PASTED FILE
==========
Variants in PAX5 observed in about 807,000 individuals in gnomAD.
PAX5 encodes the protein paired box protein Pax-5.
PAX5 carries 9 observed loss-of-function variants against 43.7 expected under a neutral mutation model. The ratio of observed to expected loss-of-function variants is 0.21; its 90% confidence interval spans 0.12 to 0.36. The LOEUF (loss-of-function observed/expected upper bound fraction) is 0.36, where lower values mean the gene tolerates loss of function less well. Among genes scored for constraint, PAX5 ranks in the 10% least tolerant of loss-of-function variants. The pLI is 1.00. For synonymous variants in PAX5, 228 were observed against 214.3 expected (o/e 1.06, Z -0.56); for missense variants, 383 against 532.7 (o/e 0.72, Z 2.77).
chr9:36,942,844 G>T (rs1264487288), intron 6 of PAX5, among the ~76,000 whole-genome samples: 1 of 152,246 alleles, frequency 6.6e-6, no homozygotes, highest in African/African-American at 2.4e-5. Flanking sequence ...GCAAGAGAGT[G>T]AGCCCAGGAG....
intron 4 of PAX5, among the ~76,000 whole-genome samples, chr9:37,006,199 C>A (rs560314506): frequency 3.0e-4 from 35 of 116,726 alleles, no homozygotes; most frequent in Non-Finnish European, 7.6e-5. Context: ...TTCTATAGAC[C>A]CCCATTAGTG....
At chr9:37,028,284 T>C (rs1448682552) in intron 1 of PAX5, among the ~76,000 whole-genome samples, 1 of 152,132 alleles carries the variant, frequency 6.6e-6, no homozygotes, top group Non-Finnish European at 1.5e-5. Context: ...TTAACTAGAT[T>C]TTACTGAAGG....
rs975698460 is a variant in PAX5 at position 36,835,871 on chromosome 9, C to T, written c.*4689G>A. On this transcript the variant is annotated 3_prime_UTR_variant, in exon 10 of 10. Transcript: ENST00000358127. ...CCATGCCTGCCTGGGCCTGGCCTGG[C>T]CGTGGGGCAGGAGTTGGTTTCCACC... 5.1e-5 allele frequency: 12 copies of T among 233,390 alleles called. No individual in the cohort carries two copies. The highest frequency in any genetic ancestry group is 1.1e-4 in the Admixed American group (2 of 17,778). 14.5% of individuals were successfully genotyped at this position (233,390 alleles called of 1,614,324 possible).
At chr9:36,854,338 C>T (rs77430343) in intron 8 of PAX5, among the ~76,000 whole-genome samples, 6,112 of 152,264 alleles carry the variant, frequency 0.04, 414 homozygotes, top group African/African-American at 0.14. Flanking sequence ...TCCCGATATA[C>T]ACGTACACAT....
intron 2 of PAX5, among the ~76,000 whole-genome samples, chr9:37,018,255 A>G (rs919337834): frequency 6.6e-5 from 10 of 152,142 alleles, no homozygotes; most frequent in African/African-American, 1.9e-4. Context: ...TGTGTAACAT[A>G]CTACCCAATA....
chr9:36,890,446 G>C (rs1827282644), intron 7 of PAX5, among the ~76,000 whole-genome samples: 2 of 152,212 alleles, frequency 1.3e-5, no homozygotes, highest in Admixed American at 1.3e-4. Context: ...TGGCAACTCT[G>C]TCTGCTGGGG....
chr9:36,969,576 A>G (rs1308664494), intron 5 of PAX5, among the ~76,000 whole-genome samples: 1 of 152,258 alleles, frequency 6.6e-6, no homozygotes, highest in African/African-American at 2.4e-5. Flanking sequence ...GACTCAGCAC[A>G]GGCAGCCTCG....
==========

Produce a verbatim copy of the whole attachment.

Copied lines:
Variants in PAX5 observed in about 807,000 individuals in gnomAD.
PAX5 encodes the protein paired box protein Pax-5.
PAX5 carries 9 observed loss-of-function variants against 43.7 expected under a neutral mutation model. The ratio of observed to expected loss-of-function variants is 0.21; its 90% confidence interval spans 0.12 to 0.36. The LOEUF (loss-of-function observed/expected upper bound fraction) is 0.36, where lower values mean the gene tolerates loss of function less well. Among genes scored for constraint, PAX5 ranks in the 10% least tolerant of loss-of-function variants. The pLI is 1.00. For synonymous variants in PAX5, 228 were observed against 214.3 expected (o/e 1.06, Z -0.56); for missense variants, 383 against 532.7 (o/e 0.72, Z 2.77).
chr9:36,942,844 G>T (rs1264487288), intron 6 of PAX5, among the ~76,000 whole-genome samples: 1 of 152,246 alleles, frequency 6.6e-6, no homozygotes, highest in African/African-American at 2.4e-5. Flanking sequence ...GCAAGAGAGT[G>T]AGCCCAGGAG....
intron 4 of PAX5, among the ~76,000 whole-genome samples, chr9:37,006,199 C>A (rs560314506): frequency 3.0e-4 from 35 of 116,726 alleles, no homozygotes; most frequent in Non-Finnish European, 7.6e-5. Context: ...TTCTATAGAC[C>A]CCCATTAGTG....
At chr9:37,028,284 T>C (rs1448682552) in intron 1 of PAX5, among the ~76,000 whole-genome samples, 1 of 152,132 alleles carries the variant, frequency 6.6e-6, no homozygotes, top group Non-Finnish European at 1.5e-5. Context: ...TTAACTAGAT[T>C]TTACTGAAGG....
rs975698460 is a variant in PAX5 at position 36,835,871 on chromosome 9, C to T, written c.*4689G>A. On this transcript the variant is annotated 3_prime_UTR_variant, in exon 10 of 10. Transcript: ENST00000358127. ...CCATGCCTGCCTGGGCCTGGCCTGG[C>T]CGTGGGGCAGGAGTTGGTTTCCACC... 5.1e-5 allele frequency: 12 copies of T among 233,390 alleles called. No individual in the cohort carries two copies. The highest frequency in any genetic ancestry group is 1.1e-4 in the Admixed American group (2 of 17,778). 14.5% of individuals were successfully genotyped at this position (233,390 alleles called of 1,614,324 possible).
At chr9:36,854,338 C>T (rs77430343) in intron 8 of PAX5, among the ~76,000 whole-genome samples, 6,112 of 152,264 alleles carry the variant, frequency 0.04, 414 homozygotes, top group African/African-American at 0.14. Flanking sequence ...TCCCGATATA[C>T]ACGTACACAT....
intron 2 of PAX5, among the ~76,000 whole-genome samples, chr9:37,018,255 A>G (rs919337834): frequency 6.6e-5 from 10 of 152,142 alleles, no homozygotes; most frequent in African/African-American, 1.9e-4. Context: ...TGTGTAACAT[A>G]CTACCCAATA....
chr9:36,890,446 G>C (rs1827282644), intron 7 of PAX5, among the ~76,000 whole-genome samples: 2 of 152,212 alleles, frequency 1.3e-5, no homozygotes, highest in Admixed American at 1.3e-4. Context: ...TGGCAACTCT[G>C]TCTGCTGGGG....
chr9:36,969,576 A>G (rs1308664494), intron 5 of PAX5, among the ~76,000 whole-genome samples: 1 of 152,258 alleles, frequency 6.6e-6, no homozygotes, highest in African/African-American at 2.4e-5. Flanking sequence ...GACTCAGCAC[A>G]GGCAGCCTCG....